Congress Moves forward with NDAA, blocking Chinese metro and bus activity12 Dec 2019, Posted in All Posts, Blog Posts
Congress has moved forward with reauthorization of the National Defense Authorization Act (NDAA), with the House voting to include language known as the Transit Infrastructure Vehicle Security Act (TIVSA). This language blocks certain foreign powers from access to federal taxpayer dollars in public infrastructure bidding contracts.
At issue is the ambitious communist Chinese government, which advances its state-owned rolling stock corporations across the globe. Concerns over economic disruption and national security vulnerability resulted in robust debate and multiple versions of the NDAA, ultimately requiring reconciling in conference committee. As the bill advances toward becoming law, now going before the Senate, the focus on public transit infrastructure has been maintained.
The TIVSA language is included in the National Defense Authorization Act for Fiscal Year 2020 as follows:
SEC. 896. REQUIREMENTS RELATING TO CERTAIN RAIL ROLLING STOCK PROCUREMENTS AND OPERATIONS.
Limitation On Certain Rail Rolling Stock Procurements.—Section 5323 of title 49, United States Code, is amended by adding at the end the following:
“(u) Limitation On Certain Rail Rolling Stock Procurements.—
“(1) IN GENERAL.—Except as provided in paragraph (5), financial assistance made available under this chapter shall not be used in awarding a contract or subcontract to an entity on or after the date of enactment of this subsection for the procurement of rail rolling stock for use in public transportation if the manufacturer of the rail rolling stock—
“(A) is incorporated in or has manufacturing facilities in the United States; and
“(B) is owned or controlled by, is a subsidiary of, or is otherwise related legally or financially to a corporation based in a country that—
“(i) is identified as a nonmarket economy country (as defined in section 771(18) of the Tariff Act of 1930 (19 U.S.C. 1677(18))) as of the date of enactment of this subsection;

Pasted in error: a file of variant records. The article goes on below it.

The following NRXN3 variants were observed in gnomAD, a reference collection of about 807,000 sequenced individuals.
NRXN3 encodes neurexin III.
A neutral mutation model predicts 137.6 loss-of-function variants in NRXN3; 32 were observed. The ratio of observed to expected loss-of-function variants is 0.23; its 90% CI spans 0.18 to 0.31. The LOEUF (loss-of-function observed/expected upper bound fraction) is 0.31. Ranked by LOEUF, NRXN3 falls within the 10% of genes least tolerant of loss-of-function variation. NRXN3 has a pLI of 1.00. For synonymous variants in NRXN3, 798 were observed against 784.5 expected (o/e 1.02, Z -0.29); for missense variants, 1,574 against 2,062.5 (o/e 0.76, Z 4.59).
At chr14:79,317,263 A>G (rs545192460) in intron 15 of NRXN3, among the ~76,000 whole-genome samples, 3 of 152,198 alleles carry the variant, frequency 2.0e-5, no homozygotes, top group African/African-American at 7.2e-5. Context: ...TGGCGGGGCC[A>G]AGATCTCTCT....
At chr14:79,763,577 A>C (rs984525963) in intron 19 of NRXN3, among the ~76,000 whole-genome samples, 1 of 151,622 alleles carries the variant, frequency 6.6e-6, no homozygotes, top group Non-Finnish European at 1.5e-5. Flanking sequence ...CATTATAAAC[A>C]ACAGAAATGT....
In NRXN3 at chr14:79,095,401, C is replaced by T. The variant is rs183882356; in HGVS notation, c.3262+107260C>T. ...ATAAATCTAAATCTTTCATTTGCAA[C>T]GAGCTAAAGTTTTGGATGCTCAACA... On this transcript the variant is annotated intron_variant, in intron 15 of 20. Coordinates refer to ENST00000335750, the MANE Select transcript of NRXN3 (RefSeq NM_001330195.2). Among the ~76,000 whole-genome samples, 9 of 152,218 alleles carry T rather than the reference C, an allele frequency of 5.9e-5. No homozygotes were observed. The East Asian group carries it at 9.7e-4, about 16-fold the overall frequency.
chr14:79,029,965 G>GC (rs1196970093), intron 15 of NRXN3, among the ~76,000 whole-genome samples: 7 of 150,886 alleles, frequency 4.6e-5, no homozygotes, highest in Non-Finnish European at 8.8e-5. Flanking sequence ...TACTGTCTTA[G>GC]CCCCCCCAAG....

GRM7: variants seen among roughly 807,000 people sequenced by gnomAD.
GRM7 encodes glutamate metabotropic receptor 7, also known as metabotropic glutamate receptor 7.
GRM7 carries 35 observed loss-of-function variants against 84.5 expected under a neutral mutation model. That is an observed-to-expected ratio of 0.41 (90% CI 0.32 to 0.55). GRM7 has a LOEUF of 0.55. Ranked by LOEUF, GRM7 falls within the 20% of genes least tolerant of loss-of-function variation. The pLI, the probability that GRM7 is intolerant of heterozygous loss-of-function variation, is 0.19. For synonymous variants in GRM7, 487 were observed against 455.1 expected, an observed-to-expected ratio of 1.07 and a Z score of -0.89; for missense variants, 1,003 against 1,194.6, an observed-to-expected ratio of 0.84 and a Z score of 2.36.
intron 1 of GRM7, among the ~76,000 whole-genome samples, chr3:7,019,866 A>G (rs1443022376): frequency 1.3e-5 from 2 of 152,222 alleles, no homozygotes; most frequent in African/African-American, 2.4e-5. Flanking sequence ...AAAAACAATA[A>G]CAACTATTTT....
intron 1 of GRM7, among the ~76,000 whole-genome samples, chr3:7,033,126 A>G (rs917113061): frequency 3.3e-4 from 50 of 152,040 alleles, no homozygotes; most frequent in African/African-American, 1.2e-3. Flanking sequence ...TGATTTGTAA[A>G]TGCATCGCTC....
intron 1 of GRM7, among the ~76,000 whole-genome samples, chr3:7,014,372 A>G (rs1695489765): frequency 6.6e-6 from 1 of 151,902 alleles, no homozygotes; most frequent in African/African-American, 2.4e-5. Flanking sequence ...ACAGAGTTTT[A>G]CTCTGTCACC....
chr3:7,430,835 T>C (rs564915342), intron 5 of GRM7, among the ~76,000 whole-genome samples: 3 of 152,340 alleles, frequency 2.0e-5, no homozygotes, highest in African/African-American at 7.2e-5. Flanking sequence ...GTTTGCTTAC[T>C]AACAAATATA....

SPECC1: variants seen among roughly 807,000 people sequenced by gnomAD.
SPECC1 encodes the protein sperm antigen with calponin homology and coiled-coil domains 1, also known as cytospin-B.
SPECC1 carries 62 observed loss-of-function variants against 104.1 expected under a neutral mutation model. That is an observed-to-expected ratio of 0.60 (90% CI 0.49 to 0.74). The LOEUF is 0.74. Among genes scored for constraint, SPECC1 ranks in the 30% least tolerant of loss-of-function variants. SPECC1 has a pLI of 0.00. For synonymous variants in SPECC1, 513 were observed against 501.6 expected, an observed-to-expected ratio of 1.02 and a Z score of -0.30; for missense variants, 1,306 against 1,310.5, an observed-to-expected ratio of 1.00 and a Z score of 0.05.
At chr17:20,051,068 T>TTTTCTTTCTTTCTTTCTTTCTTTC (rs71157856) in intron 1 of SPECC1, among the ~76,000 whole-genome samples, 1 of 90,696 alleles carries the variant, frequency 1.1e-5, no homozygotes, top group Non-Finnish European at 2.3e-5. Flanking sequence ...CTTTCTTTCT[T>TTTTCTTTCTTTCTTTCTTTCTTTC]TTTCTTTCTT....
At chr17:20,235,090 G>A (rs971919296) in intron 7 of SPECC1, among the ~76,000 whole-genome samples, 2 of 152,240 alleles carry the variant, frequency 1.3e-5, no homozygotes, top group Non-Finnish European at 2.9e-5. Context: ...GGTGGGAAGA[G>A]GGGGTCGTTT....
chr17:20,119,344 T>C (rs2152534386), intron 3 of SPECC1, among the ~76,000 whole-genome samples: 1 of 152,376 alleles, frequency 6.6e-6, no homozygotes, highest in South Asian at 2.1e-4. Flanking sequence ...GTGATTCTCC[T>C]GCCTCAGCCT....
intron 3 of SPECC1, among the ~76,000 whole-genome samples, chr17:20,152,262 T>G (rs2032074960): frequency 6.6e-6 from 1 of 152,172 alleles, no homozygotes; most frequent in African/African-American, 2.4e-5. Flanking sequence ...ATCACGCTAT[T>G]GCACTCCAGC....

“(ii) was identified by the United States Trade Representative in the most recent report required by section 182 of the Trade Act of 1974 (19 U.S.C. 2242) as a priority foreign country under subsection (a)(2) of that section; and
“(iii) is subject to monitoring by the Trade Representative under section 306 of the Trade Act of 1974 (19 U.S.C. 2416).
“(2) EXCEPTION.—For purposes of paragraph (1), the term ‘otherwise related legally or financially’ does not include a minority relationship or investment.
“(3) INTERNATIONAL AGREEMENTS.—This subsection shall be applied in a manner consistent with the obligations of the United States under international agreements.
“(4) CERTIFICATION FOR RAIL ROLLING STOCK.—
“(A) IN GENERAL.—Except as provided in paragraph (5), as a condition of financial assistance made available in a fiscal year under section 5337, a recipient that operates rail fixed guideway service shall certify in that fiscal year that the recipient will not award any contract or subcontract for the procurement of rail rolling stock for use in public transportation with a rail rolling stock manufacturer described in paragraph (1).